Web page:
ICRC gains access to Iraqi POWs

A Royal Marine seizes an Iraqi POW in Basra Keystone

The International Committee of the Red Cross (ICRC) has begun visiting thousands of prisoners of war (POWs) held by coalition forces in Iraq.

This content was published on April 1, 2003

A team of 15 delegates travelled to a camp in the south of the country, where allied forces are reportedly holding 3,000 Iraqi POWs.

The team, including one doctor and six interpreters, is making a detailed inspection of the camp to ascertain whether United States-led forces are complying with the Geneva Conventions.

ICRC spokeswoman Tamara Al Rifai, who is based in Kuwait, told swissinfo that the humanitarian organisation wanted to ensure prisoners were being treated properly.

"We look at the premises and see what kind of facilities there are. We also look at the treatment they [POWs] have had since they were arrested and how much access to food, water and fresh air they get - everything that makes up their everyday life," said Al Rifai.

However, the ICRC will not release details about conditions in the prison camp or how the Iraqi soldiers are being treated, in accordance with its policy of maintaining confidentiality.

"The ICRC does not comment publicly but shares its findings with the detaining authorities with a view to achieving improvement if and when required," said Balthasar Staehelin, the ICRC's Middle East chief.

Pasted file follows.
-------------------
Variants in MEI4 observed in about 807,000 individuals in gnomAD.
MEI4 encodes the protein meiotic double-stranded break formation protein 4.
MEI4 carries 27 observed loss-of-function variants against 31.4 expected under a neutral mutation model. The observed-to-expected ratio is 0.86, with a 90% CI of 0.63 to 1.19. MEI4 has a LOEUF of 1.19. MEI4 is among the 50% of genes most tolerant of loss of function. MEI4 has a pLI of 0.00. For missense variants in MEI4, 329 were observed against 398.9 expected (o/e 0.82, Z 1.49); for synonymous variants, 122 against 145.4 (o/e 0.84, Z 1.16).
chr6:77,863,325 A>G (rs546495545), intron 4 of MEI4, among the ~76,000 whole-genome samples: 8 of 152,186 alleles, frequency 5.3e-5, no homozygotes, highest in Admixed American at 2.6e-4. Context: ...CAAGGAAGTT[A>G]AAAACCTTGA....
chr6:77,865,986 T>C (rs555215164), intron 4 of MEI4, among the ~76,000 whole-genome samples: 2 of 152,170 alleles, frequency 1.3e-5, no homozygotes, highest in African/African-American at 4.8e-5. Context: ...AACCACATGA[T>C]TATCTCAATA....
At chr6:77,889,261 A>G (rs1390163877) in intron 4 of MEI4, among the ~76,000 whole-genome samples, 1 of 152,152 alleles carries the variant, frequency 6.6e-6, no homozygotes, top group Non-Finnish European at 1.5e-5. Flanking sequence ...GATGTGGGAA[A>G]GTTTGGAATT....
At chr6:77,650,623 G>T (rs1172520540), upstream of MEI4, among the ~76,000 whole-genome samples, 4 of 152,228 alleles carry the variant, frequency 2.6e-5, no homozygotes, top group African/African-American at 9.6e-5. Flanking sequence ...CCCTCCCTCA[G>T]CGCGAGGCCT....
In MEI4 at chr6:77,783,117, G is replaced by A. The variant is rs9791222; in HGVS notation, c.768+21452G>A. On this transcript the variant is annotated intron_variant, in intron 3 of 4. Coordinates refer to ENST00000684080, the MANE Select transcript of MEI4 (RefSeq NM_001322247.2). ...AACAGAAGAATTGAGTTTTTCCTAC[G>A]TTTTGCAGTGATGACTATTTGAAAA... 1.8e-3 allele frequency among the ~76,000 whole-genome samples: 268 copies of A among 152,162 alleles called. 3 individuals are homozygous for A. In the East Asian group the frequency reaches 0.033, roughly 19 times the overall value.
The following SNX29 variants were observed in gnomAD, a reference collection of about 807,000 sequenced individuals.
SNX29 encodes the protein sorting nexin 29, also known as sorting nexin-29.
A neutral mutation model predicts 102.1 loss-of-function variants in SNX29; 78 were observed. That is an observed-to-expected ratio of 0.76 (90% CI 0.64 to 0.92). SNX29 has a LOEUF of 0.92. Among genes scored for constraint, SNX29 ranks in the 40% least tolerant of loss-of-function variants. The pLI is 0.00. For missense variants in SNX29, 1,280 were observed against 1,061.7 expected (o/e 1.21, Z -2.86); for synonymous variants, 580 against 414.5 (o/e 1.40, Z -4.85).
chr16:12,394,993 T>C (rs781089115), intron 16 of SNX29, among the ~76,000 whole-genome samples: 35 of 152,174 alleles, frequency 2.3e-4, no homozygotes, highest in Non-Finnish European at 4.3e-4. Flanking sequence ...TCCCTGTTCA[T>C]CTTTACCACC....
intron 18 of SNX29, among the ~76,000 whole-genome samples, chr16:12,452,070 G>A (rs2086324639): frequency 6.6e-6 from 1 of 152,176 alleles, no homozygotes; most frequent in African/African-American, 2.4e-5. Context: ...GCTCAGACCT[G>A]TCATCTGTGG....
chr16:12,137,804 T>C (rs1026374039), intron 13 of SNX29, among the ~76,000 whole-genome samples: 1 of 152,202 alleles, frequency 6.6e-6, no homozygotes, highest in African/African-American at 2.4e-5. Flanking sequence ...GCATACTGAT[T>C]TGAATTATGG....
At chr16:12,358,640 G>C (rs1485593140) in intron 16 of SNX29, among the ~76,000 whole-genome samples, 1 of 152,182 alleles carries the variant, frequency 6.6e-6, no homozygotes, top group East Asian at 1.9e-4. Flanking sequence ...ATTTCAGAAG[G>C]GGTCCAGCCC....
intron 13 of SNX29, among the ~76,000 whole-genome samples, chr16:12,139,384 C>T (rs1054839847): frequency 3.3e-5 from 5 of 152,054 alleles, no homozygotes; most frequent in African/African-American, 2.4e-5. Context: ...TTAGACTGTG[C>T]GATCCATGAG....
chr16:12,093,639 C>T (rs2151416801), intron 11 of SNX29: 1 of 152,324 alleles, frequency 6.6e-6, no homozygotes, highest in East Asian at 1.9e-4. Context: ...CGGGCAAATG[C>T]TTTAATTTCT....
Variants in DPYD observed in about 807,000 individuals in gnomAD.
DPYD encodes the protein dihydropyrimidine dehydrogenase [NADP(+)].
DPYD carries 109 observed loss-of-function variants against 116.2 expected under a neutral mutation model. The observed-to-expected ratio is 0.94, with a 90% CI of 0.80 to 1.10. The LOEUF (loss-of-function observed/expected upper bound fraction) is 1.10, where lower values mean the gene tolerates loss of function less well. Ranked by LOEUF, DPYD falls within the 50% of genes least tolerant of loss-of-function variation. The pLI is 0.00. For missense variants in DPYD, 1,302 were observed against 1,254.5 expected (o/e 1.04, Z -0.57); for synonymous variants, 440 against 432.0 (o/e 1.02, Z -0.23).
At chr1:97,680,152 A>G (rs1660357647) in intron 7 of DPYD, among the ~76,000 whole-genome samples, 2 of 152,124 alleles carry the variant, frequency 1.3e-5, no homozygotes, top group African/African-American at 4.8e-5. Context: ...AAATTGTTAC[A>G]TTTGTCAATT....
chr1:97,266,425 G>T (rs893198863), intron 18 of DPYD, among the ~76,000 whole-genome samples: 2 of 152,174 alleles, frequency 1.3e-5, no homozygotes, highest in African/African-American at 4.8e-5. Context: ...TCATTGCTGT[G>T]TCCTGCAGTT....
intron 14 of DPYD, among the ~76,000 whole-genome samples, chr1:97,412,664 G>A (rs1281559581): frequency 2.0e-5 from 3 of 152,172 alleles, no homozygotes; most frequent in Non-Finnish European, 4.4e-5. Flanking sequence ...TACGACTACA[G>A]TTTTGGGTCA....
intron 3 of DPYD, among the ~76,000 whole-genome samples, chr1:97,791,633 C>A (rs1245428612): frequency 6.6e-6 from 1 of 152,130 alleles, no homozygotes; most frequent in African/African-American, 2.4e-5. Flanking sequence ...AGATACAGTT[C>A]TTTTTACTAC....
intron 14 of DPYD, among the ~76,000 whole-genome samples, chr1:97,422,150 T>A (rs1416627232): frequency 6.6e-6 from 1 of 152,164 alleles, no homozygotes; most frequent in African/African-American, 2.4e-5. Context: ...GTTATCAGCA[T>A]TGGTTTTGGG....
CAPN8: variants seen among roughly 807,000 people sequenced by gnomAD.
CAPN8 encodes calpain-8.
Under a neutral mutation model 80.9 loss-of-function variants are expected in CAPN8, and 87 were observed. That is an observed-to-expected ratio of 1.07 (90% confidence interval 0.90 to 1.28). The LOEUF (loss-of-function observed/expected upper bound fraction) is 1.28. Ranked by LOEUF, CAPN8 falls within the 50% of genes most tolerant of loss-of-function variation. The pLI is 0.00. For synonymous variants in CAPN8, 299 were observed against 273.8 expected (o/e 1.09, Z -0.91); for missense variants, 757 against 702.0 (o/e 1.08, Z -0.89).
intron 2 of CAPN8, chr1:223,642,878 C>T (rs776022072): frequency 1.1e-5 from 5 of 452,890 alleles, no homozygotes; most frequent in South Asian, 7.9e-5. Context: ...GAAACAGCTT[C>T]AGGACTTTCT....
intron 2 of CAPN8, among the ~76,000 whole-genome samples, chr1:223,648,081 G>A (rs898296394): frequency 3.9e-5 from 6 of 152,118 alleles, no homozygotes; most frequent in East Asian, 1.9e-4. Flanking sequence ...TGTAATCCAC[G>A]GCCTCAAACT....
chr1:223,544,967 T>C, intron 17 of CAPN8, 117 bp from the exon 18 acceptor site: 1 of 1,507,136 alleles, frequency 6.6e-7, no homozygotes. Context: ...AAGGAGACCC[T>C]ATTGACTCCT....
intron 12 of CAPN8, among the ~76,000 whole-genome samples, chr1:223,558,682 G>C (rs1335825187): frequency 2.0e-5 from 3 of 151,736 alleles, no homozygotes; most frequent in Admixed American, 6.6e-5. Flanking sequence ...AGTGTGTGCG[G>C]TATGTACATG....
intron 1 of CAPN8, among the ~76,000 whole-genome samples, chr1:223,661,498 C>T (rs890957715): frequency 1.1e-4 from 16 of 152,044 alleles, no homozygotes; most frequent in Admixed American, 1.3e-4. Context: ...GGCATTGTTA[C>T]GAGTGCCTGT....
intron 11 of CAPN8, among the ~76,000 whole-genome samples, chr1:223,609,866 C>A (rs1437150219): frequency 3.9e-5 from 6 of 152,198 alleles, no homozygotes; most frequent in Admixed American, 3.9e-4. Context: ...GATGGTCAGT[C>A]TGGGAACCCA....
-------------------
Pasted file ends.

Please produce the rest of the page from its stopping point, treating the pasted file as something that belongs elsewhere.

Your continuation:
Conducting interviews

Delegates of the Geneva-based organisation have started interviewing and registering Iraqi prisoners, a process that could take some days.

"The initial visit was to register all the people in the camp and conduct private interviews with them to give them the opportunity to talk freely," explained Al Rifai.

According to Al Rifai, the ICRC has been unable so far to gain access to coalition POWs held by Iraqi forces, but she said negotiations were ongoing.

"We hope we will meet them [coalition prisoners] soon. There have been declarations by the allied forces and the Iraqi authorities on their commitment in respect to the Geneva Conventions, so we can actually say that we are in dialogue at this very minute," added Al Rifai.

Since the US-led war began on March 20, Iraq has acknowledged capturing six Americans, including two pilots.

Humanitarian aid

The ICRC has also been allowed into the southern Iraqi city of Basra, where the humanitarian situation has been described as grave.

"We have had a team in Basra for the past three days. Our main concern now is life-saving operations," Al Rifai told swissinfo.

"We are looking into medical treatment and the civilian population's access to water. We want to make sure the hospitals that deal with the wounded have enough medical supplies and clean water to keep their operations running," she continued.

The team in Basra is also expected to repair three of the six generators needed to get the city's main water treatment plant operating again. Allied forces knocked out the city's main power supply more than one week ago.

But with the ICRC operating under very difficult circumstances, aid is not always getting through on time.

"The biggest difficulty is getting security guarantees for a safe passage of the convoys to a certain area. We travel unarmed and unescorted, which means that we need full cooperation from all parties on the ground," Al Rifai

"If security cannot be guaranteed we have to postpone the operation or take a different route."

swissinfo, Billi Bierling and Samantha Tonkin

Key facts

More than 3,000 Iraqi POWs are thought to be held by coalition forces in Iraq.
A team of 15 ICRC delegates travelled to a camp in southern Iraq.
The ICRC cannot give any details about the conditions in the prison camp.

End of insertion
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